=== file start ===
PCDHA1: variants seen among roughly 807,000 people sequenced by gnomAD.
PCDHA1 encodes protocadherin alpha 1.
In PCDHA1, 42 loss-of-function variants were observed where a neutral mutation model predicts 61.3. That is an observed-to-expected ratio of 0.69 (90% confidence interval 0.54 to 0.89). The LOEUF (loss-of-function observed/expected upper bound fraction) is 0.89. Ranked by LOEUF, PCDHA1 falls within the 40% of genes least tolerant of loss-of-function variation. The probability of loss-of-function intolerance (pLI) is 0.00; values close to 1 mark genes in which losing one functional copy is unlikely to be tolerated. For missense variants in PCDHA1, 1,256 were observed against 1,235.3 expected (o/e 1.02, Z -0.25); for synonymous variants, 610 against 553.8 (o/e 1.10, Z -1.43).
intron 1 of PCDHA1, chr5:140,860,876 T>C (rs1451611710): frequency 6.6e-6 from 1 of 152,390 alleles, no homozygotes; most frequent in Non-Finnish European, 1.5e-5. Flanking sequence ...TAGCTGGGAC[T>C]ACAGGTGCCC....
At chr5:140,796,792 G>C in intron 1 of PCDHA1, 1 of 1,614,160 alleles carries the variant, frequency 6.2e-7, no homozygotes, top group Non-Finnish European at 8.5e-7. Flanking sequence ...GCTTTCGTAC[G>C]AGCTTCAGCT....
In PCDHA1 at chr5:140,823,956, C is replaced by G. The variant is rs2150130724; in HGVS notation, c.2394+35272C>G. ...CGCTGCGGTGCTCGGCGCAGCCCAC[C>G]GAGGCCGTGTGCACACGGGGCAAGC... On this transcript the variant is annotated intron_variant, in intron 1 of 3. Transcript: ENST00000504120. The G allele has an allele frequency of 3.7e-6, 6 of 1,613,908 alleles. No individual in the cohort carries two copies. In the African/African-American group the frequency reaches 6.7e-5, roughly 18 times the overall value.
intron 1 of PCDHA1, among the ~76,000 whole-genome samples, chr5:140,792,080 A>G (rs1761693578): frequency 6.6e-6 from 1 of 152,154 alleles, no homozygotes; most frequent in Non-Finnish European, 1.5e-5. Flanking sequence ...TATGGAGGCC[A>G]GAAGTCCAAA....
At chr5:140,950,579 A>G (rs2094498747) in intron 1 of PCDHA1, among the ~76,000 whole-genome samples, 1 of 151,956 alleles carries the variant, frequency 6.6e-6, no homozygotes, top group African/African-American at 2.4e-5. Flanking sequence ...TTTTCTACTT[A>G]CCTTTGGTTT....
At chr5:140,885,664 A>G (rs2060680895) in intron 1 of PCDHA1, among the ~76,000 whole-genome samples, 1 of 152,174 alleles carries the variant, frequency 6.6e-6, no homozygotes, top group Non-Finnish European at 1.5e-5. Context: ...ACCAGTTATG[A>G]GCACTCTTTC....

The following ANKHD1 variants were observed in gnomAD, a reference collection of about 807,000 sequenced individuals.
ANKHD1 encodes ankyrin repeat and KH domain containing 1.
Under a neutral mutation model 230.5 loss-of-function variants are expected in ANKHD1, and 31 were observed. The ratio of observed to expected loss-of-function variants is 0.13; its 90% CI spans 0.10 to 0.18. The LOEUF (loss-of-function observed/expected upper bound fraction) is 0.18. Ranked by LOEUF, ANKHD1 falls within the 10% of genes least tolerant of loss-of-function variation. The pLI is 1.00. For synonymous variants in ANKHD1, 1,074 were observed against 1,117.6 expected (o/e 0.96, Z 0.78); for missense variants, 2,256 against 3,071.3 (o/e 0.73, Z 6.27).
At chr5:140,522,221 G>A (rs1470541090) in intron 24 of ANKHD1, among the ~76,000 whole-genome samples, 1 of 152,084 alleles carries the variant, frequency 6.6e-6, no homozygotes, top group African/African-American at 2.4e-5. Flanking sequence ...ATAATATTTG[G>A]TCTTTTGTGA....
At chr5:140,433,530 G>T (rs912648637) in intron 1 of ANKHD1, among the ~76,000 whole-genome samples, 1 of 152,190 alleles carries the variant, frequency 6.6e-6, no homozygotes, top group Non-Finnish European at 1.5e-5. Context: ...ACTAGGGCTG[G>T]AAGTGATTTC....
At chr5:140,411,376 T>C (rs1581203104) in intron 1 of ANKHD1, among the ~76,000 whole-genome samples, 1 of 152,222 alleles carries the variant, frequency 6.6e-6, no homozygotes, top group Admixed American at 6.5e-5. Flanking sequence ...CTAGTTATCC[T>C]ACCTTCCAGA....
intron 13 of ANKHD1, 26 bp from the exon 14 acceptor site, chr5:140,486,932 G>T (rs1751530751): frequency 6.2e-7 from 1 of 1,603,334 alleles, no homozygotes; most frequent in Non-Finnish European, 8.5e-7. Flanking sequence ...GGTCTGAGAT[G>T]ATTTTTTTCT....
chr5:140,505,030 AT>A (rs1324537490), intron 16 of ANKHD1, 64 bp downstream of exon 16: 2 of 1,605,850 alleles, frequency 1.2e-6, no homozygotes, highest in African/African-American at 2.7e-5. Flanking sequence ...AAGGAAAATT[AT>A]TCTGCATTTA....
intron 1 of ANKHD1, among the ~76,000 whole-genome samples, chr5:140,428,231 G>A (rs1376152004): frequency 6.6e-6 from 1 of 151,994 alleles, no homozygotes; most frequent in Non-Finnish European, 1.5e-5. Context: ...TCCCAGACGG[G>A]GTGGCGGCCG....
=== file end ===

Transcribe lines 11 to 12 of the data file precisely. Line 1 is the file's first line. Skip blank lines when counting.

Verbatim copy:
ANKHD1 encodes ankyrin repeat and KH domain containing 1.
Under a neutral mutation model 230.5 loss-of-function variants are expected in ANKHD1, and 31 were observed. The ratio of observed to expected loss-of-function variants is 0.13; its 90% CI spans 0.10 to 0.18. The LOEUF (loss-of-function observed/expected upper bound fraction) is 0.18. Ranked by LOEUF, ANKHD1 falls within the 10% of genes least tolerant of loss-of-function variation. The pLI is 1.00. For synonymous variants in ANKHD1, 1,074 were observed against 1,117.6 expected (o/e 0.96, Z 0.78); for missense variants, 2,256 against 3,071.3 (o/e 0.73, Z 6.27).